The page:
(RNS) Theological education has increasingly left brick-and-mortar schools and headed back to congregations and family homes as more seminarians study online.

Daniel O. Aleshire photo by Allison Shirreffs/courtesy The Association of Theological Schools

Daniel Aleshire, executive director of the Association of Theological Schools, an accreditation and membership organization of more than 270 graduate schools. Photo by Allison Shirreffs/courtesy the Association of Theological Schools

This image is available for Web and print publication. For questions, contact Sally Morrow.

“The old move — uproot your family, get a new job, move to the seminary — that model isn’t working for so many people today,” said Ronald Hawkins, vice provost at Liberty University, which has around 9,000 students in its online seminary.

“They are looking for a way to increase their biblical theological knowledge, to expand their ministry skills and to remain within the context of the ministry setting.”

Despite “huge” hesitancy to allow online theological degrees, online education is growing, said Daniel Aleshire, executive director of the Association of Theological Schools, the main accrediting body for more than 270 seminaries and graduate schools.

Until 2012, ATS did not allow any degrees to be offered fully online. Now ATS allows Master of Arts programs to be earned fully online; last February, ATS created a process for Master of Divinity programs to waive residency requirements.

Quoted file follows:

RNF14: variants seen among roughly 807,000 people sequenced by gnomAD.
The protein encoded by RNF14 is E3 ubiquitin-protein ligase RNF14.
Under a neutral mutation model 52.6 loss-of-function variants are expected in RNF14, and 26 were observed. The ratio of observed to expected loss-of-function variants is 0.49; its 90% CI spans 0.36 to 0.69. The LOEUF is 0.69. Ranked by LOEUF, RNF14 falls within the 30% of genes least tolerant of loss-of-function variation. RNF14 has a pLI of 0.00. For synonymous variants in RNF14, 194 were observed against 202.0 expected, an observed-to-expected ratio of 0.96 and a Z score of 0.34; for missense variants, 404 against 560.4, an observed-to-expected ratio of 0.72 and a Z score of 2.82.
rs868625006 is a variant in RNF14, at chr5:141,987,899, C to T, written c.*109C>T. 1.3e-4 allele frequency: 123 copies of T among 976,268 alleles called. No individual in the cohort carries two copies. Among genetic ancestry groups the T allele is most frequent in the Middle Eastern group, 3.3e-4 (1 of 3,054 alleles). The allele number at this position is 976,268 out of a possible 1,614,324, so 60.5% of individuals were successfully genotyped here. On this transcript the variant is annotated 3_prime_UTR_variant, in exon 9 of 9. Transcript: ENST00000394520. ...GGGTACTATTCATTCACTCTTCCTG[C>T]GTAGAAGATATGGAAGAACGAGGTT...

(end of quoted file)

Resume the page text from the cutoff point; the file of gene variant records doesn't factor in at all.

So far, six schools — Anderson University School of Theology, Chicago Theological Seminary, Golden Gate Baptist Theological Seminary, Pentecostal Theological Seminary, Southeastern Baptist Theological Seminary and Southwestern Baptist Theological Seminary — have been granted exceptions to residency requirements for either the Master of Arts or Master of Divinity degree.

Today, 103 ATS member schools (38 percent) offer at least six courses online.

“The schools have been learning more effective ways to provide online courses,” said Aleshire. “The door has been opened for schools that have particular expertise, particular information and a particular constituency that would benefit from this form of information.”

Still, there’s some fear that students unsuited to ministry — whether by lacking interpersonal skills or moral character — could walk away with an online degree, Aleshire said.

“The sense is that theological education is not just the transfer of certain types of information; it’s about the transformation of individuals who then have the intellectual and spiritual maturity to serve as leaders,” Aleshire said.

But seminaries are realizing that offering online degrees can allow older students to stay in established communities.

John Aukerman photo courtesy Dale Pickett

John Aukerman, director of distance learning at Anderson University, which recently received accreditation from ATS for its online Master of Arts program, said although he believes studying in a traditional model is best, the online model is the only option for many students. Photo courtesy Dale Pickett/Anderson University

This image is available for Web publication. For questions, contact Sally Morrow.

The average online student at Liberty University is 35 and married with children, Hawkins said. Moving to a traditional seminary means uprooting the family and, particularly for older students, leaving their church community.

John Aukerman, director of distance learning at Anderson University, said that although he believes studying in a traditional model is best, the online model is sometimes the only option for many students.

The Church of God, the denomination Anderson University is affiliated with, does not require a seminary degree for ordination, Aukerman said. Thus, many of the roughly 2,300 Church of God pastors lack graduate degrees and wish to improve their theological education without leaving their congregation.